Despite the methodological shortcomings found in many of the studies they reviewed dating back to the 1970’s, Meezan and Rauch (2005) found that data produced with these studies was consistent with the studies which they considered to be strong methodologically. In summarizing these findings, they quote the American Psychological Association’s 2004 “Resolution on Sexual Orientation, Parents, and Children,” which states:

There is no scientific basis for concluding that lesbian mothers or gay fathers are unfit parents on the basis of their sexual orientation…. .On the contrary, results of research suggest that lesbian and gay parents are as likely as heterosexual parents to provide supportive and healthy environments for their children…. Overall, results of research suggest that the development, adjustment and wellbeing of children with lesbian and gay parents do not differ markedly from that of children with heterosexual parents.

Further, Anderssen, Amlie, and Ytterøy (2002) reviewed 23 outcome studies published in the peer reviewed literature between 1978 and 2000 on children with gay and lesbian parents. They found that in the 12 studies specifically evaluating the emotional functioning of children raised by lesbian mothers, there were no significant differences in emotional functioning between these children and children raised within heterosexual family constellations. The six remaining outcomes that were evaluated within the 23 studies indicated that there were no systematic differences between children raised with gay or lesbian parents and other children. The six areas of exploration included: sexual preference, stigmatization, gender role behavior, behavioral adjustment, gender identity, and cognitive functioning. Upon review of several studies conducted by herself and other researchers which found no significant differences in the development of children and adolescents raised by heterosexual parents and homosexual parents, Patterson (2006) proposes that the quality and strength of the relationship between the parent and the child is more significant to the child’s development than the sexual orientation of the parent.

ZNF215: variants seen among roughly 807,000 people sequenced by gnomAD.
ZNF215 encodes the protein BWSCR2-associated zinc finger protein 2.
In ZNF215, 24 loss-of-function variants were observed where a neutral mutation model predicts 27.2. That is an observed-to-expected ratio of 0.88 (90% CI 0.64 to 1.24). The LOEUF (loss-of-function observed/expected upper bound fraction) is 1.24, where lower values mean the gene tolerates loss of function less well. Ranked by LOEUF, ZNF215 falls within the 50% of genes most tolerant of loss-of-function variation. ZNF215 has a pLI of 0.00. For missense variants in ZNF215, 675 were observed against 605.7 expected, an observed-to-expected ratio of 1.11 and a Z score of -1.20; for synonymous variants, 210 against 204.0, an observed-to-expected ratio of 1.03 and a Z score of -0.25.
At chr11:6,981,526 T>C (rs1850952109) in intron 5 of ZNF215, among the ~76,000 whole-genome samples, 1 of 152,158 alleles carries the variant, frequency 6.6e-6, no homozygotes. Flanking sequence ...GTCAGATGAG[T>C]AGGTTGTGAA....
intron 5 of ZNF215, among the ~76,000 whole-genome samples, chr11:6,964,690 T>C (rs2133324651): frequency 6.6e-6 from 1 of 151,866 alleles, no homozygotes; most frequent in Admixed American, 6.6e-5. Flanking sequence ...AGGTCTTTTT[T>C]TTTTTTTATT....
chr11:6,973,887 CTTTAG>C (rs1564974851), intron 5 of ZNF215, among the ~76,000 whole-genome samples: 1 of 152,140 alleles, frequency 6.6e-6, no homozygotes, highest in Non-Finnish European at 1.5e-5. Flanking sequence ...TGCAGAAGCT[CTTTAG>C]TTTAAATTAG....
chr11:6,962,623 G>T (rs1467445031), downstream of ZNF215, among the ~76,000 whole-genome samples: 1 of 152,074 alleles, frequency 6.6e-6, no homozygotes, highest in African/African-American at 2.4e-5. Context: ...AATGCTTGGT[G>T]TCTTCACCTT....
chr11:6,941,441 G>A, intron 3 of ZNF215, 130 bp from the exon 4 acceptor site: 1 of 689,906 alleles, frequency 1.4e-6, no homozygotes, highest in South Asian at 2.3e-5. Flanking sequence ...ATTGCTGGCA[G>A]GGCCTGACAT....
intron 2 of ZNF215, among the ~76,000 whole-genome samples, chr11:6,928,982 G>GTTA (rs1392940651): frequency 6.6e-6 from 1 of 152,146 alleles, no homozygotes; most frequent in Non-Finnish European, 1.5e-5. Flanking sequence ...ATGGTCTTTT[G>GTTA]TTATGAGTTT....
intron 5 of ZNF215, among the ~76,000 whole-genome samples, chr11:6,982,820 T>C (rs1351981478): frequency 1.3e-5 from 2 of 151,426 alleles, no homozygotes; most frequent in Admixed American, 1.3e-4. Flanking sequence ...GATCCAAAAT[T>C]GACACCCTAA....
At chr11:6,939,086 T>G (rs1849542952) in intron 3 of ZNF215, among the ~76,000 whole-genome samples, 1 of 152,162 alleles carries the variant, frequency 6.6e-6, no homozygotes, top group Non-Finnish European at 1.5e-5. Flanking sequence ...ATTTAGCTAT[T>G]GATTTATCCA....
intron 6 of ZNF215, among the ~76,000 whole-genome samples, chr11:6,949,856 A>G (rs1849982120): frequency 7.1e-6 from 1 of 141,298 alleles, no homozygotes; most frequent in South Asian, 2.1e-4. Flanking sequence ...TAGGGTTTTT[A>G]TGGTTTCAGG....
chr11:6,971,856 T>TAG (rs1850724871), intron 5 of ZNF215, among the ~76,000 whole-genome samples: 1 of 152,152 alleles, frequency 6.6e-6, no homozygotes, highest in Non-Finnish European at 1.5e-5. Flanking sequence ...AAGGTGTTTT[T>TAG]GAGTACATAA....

McCann and Delamonte (2005) explicitly take the stance that beyond the idea of being competent parents, gay and lesbian parents have much to offer children. As mentioned frequently in this review, gay and lesbian individuals and couples embark upon many routes to parenthood. Their motivations for becoming parents, in many respects, are no different than those of heterosexual parents such as the desire to raise and nurture them. A common notion utilized in undermining the competency of gay and lesbian parents is the belief that same-sex partners will not provide their children with adequate opposite gender role models. McCann and Delamonte (2005) propose that this is yet another manifestation of prevalent hetero-normative discourse and that this critique seems less common among single heterosexual parents.

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(619) 261-4221